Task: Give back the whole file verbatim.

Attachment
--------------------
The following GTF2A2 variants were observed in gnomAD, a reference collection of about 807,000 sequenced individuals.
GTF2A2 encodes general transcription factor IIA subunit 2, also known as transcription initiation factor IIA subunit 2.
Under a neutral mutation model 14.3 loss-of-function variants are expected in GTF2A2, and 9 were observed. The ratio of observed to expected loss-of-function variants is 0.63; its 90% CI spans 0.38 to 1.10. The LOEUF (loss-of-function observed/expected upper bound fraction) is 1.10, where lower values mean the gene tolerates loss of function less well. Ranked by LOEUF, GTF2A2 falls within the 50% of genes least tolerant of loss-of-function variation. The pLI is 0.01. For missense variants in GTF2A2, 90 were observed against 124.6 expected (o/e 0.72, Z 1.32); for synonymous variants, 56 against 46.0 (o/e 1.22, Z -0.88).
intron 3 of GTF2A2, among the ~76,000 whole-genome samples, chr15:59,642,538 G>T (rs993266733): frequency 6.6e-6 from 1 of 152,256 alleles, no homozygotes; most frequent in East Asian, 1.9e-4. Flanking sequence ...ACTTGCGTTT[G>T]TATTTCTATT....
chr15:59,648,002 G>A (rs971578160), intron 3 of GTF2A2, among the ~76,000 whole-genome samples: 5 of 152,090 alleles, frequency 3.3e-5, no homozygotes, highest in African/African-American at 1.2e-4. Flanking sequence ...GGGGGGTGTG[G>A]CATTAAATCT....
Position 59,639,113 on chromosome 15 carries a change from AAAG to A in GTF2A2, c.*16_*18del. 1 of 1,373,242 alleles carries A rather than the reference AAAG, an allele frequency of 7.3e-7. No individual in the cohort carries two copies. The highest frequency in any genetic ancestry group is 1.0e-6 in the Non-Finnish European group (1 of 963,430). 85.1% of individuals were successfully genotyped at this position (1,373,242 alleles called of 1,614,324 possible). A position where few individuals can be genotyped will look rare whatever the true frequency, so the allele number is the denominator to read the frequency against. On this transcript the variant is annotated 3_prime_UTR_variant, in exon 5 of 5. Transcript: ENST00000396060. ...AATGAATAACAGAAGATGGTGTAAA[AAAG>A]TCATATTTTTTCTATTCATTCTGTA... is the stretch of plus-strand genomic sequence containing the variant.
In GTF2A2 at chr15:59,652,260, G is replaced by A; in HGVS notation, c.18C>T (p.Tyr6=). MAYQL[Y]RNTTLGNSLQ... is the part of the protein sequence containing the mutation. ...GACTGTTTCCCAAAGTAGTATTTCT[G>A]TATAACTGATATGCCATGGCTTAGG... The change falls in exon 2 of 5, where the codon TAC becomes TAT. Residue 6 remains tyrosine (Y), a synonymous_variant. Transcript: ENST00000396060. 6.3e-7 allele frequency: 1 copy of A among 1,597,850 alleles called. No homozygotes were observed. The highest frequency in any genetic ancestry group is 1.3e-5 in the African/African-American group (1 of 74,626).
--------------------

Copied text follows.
The following GTF2A2 variants were observed in gnomAD, a reference collection of about 807,000 sequenced individuals.
GTF2A2 encodes general transcription factor IIA subunit 2, also known as transcription initiation factor IIA subunit 2.
Under a neutral mutation model 14.3 loss-of-function variants are expected in GTF2A2, and 9 were observed. The ratio of observed to expected loss-of-function variants is 0.63; its 90% CI spans 0.38 to 1.10. The LOEUF (loss-of-function observed/expected upper bound fraction) is 1.10, where lower values mean the gene tolerates loss of function less well. Ranked by LOEUF, GTF2A2 falls within the 50% of genes least tolerant of loss-of-function variation. The pLI is 0.01. For missense variants in GTF2A2, 90 were observed against 124.6 expected (o/e 0.72, Z 1.32); for synonymous variants, 56 against 46.0 (o/e 1.22, Z -0.88).
intron 3 of GTF2A2, among the ~76,000 whole-genome samples, chr15:59,642,538 G>T (rs993266733): frequency 6.6e-6 from 1 of 152,256 alleles, no homozygotes; most frequent in East Asian, 1.9e-4. Flanking sequence ...ACTTGCGTTT[G>T]TATTTCTATT....
chr15:59,648,002 G>A (rs971578160), intron 3 of GTF2A2, among the ~76,000 whole-genome samples: 5 of 152,090 alleles, frequency 3.3e-5, no homozygotes, highest in African/African-American at 1.2e-4. Flanking sequence ...GGGGGGTGTG[G>A]CATTAAATCT....
Position 59,639,113 on chromosome 15 carries a change from AAAG to A in GTF2A2, c.*16_*18del. 1 of 1,373,242 alleles carries A rather than the reference AAAG, an allele frequency of 7.3e-7. No individual in the cohort carries two copies. The highest frequency in any genetic ancestry group is 1.0e-6 in the Non-Finnish European group (1 of 963,430). 85.1% of individuals were successfully genotyped at this position (1,373,242 alleles called of 1,614,324 possible). A position where few individuals can be genotyped will look rare whatever the true frequency, so the allele number is the denominator to read the frequency against. On this transcript the variant is annotated 3_prime_UTR_variant, in exon 5 of 5. Transcript: ENST00000396060. ...AATGAATAACAGAAGATGGTGTAAA[AAAG>A]TCATATTTTTTCTATTCATTCTGTA... is the stretch of plus-strand genomic sequence containing the variant.
In GTF2A2 at chr15:59,652,260, G is replaced by A; in HGVS notation, c.18C>T (p.Tyr6=). MAYQL[Y]RNTTLGNSLQ... is the part of the protein sequence containing the mutation. ...GACTGTTTCCCAAAGTAGTATTTCT[G>A]TATAACTGATATGCCATGGCTTAGG... The change falls in exon 2 of 5, where the codon TAC becomes TAT. Residue 6 remains tyrosine (Y), a synonymous_variant. Transcript: ENST00000396060. 6.3e-7 allele frequency: 1 copy of A among 1,597,850 alleles called. No homozygotes were observed. The highest frequency in any genetic ancestry group is 1.3e-5 in the African/African-American group (1 of 74,626).